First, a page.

Inky

Inky was founded in 2008 as a platform to provide secure email for enterprises. It started under a different name, Arcode, before rebranding a few years later. 

This platform incorporates artificial intelligence to detect and block suspicious email activities like forgery and spear-phishing attempts. It plugs into existing email systems like Microsoft Exchange, Microsoft 365, and Google Workspace to analyze emails and alert users if it detects any anomalies. 

Inky, the company, is based in Maryland, USA. 

Inky: Plans and pricing

Unlike most email tools, Inky doesn’t have a standard pricing structure. You have to contact the company’s sales team and arrange a custom plan depending on the size of your enterprise. This flexible pricing structure should be a hint that the platform is pretty expensive.  

(Image credit: Inky)

Inky: Features

 

Phishing is the primary cause of data leaks in enterprises. To the unaware, it refers to criminals impersonating an organization via email or any other means of communication to steal data. 

To tackle phishing, Inky analyzes any inbound email and signals any suspicious behavior it detects with interactive banners that guide the users to take adequate actions. It doesn’t only detect phishing attempts but also turns them into teaching sessions to prevent users from falling victim to a similar attempt in the future.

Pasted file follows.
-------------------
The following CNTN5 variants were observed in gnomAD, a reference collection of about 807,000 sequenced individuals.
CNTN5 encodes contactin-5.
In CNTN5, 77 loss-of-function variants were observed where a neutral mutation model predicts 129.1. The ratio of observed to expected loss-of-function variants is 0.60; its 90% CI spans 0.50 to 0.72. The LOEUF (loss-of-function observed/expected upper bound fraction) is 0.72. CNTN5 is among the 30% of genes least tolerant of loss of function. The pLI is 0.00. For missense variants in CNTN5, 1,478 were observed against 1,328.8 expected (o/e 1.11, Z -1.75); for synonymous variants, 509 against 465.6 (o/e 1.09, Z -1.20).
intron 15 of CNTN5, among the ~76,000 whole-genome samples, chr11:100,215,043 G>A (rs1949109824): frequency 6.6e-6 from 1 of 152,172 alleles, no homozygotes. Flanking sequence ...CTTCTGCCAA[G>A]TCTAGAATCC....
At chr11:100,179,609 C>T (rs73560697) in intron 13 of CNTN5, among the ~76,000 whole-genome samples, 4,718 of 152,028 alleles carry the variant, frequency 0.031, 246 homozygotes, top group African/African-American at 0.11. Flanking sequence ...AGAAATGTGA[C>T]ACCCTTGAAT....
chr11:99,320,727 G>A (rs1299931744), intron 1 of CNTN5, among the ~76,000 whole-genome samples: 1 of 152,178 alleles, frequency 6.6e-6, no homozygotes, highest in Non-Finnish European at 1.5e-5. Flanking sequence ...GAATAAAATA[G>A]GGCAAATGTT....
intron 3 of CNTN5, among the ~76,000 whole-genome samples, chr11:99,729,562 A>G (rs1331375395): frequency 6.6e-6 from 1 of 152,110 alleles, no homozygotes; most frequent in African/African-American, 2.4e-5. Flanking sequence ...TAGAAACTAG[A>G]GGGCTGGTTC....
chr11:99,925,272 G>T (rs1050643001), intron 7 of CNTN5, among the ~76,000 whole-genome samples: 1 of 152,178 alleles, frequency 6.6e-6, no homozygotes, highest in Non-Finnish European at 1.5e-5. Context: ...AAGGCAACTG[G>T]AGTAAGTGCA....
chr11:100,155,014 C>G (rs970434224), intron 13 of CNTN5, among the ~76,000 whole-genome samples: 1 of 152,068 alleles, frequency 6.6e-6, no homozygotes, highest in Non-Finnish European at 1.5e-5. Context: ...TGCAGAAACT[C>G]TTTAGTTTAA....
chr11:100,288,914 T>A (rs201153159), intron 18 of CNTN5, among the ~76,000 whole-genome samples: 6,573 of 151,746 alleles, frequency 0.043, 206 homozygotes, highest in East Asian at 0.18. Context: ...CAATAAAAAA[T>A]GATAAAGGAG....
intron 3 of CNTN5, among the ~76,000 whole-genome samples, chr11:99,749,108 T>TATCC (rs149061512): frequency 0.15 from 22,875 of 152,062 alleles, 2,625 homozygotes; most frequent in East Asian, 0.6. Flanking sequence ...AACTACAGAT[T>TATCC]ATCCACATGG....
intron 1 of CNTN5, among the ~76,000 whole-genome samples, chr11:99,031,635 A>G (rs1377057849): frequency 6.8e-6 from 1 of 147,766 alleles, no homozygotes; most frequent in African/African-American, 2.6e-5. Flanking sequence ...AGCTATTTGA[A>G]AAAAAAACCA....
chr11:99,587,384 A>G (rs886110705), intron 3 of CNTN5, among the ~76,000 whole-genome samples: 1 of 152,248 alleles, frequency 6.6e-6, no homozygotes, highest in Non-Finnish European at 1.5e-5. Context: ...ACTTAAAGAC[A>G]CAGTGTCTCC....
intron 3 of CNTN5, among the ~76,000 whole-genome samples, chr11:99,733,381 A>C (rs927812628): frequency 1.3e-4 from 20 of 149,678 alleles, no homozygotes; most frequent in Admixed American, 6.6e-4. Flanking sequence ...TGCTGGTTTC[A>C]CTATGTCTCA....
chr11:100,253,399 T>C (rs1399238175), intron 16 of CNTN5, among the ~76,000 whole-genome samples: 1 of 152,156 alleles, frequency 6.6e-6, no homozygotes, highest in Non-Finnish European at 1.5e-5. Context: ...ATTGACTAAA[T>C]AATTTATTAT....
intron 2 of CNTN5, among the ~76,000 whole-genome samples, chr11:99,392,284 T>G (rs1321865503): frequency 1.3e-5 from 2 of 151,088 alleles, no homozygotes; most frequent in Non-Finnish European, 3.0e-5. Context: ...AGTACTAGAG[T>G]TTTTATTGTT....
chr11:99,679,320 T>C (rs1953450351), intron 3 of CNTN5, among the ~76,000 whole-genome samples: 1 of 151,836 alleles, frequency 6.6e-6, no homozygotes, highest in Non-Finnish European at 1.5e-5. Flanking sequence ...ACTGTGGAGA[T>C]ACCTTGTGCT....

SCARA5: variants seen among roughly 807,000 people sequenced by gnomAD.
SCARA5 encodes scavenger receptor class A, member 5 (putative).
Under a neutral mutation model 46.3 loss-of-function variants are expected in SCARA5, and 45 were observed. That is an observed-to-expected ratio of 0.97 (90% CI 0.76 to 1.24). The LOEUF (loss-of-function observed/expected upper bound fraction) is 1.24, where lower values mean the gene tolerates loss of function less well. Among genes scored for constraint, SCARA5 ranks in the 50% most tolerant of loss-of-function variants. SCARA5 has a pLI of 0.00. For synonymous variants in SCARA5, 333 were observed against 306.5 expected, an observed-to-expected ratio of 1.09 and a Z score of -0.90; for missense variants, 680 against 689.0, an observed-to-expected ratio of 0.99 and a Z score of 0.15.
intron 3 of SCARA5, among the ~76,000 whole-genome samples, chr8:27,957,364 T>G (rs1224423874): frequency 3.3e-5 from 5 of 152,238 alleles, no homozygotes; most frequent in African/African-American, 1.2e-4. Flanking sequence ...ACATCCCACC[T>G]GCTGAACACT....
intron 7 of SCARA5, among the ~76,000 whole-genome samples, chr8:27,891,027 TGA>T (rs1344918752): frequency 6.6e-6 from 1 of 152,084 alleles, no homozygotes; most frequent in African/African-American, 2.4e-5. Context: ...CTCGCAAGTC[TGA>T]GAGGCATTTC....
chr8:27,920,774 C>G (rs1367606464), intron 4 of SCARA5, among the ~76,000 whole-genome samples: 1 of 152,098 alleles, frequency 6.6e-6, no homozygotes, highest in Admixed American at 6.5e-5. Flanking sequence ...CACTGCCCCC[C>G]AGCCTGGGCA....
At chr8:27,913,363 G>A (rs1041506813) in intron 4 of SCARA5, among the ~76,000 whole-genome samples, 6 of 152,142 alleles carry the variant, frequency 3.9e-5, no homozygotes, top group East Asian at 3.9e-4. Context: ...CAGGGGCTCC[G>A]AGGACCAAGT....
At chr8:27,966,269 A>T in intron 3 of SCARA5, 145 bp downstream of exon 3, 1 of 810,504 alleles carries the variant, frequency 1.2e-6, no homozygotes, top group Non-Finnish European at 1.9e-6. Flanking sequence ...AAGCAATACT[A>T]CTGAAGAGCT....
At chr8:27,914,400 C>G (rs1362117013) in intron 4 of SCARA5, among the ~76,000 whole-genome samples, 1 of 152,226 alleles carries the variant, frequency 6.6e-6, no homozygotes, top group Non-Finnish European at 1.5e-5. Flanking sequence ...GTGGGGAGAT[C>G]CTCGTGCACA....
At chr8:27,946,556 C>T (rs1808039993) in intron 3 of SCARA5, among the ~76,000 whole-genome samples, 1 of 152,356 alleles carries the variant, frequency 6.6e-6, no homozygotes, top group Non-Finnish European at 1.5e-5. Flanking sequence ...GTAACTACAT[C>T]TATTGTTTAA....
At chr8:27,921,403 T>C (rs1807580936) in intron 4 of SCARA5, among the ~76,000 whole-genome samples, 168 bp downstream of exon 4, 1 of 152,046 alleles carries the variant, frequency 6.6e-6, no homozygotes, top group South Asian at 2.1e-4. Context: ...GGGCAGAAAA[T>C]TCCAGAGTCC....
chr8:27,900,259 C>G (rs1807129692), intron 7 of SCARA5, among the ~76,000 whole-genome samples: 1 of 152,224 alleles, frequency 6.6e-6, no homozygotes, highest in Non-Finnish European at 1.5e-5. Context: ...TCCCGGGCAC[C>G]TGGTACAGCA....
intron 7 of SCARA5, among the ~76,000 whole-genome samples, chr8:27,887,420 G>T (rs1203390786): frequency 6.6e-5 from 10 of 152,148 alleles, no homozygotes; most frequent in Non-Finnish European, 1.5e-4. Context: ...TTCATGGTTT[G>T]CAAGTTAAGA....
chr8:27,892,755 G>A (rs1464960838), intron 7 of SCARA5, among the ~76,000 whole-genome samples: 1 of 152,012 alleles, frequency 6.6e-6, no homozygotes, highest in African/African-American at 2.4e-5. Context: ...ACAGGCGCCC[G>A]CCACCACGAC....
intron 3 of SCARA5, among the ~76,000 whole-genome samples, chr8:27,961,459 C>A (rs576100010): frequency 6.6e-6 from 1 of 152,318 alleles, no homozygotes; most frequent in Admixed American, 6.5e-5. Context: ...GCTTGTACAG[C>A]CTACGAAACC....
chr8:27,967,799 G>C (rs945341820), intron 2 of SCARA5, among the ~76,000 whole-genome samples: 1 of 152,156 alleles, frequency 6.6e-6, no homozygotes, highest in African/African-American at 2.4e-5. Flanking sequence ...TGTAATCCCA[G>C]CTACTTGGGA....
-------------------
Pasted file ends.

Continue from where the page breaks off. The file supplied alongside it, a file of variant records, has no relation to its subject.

If you integrate Inky with your email client, every inbound email will have a grey banner (indicating nothing suspicious), a yellow banner (proceed with caution), or a red banner (danger). These banners let you know what to click and what not to click to lessen your chances of falling victim to phishing attempts.

If you see a red banner, you’ll also see a link that says “Details”. Click this link, and the Inky email assistant will show you what exactly is wrong with the flagged email. It’s an effective way of educating users on real-world threats in their email inboxes. 

When you encounter a flagged inbound email, you can click the “Report This Email” link to let your company’s IT department investigate further. 

One of the most common phishing activities involves impersonating a service provider and a bank’s identity to send forged invoices and trick companies into paying them. Luckily, Inky has a tool to tackle this problem. It uses natural language processing (NLP) algorithms to identify emails that are likely forged and draws your attention to them. 

Outbound emails need protection as much as inbound ones. Employees send many emails daily, and they can intentionally or unintentionally include sensitive information within them. To avoid this, Inky scans every outgoing email for sensitive content. If it detects any, it flags it for approval by a chosen administrator or manager.

IT admins can create custom rules from their Inky dashboard to define how Outbound Mail Protection will work for their teams. For example, you can set Inky to flag an email for approval if it detects any suspicious link within it. You can also add a mandatory requirement to encrypt outgoing emails.

(Image credit: Inky)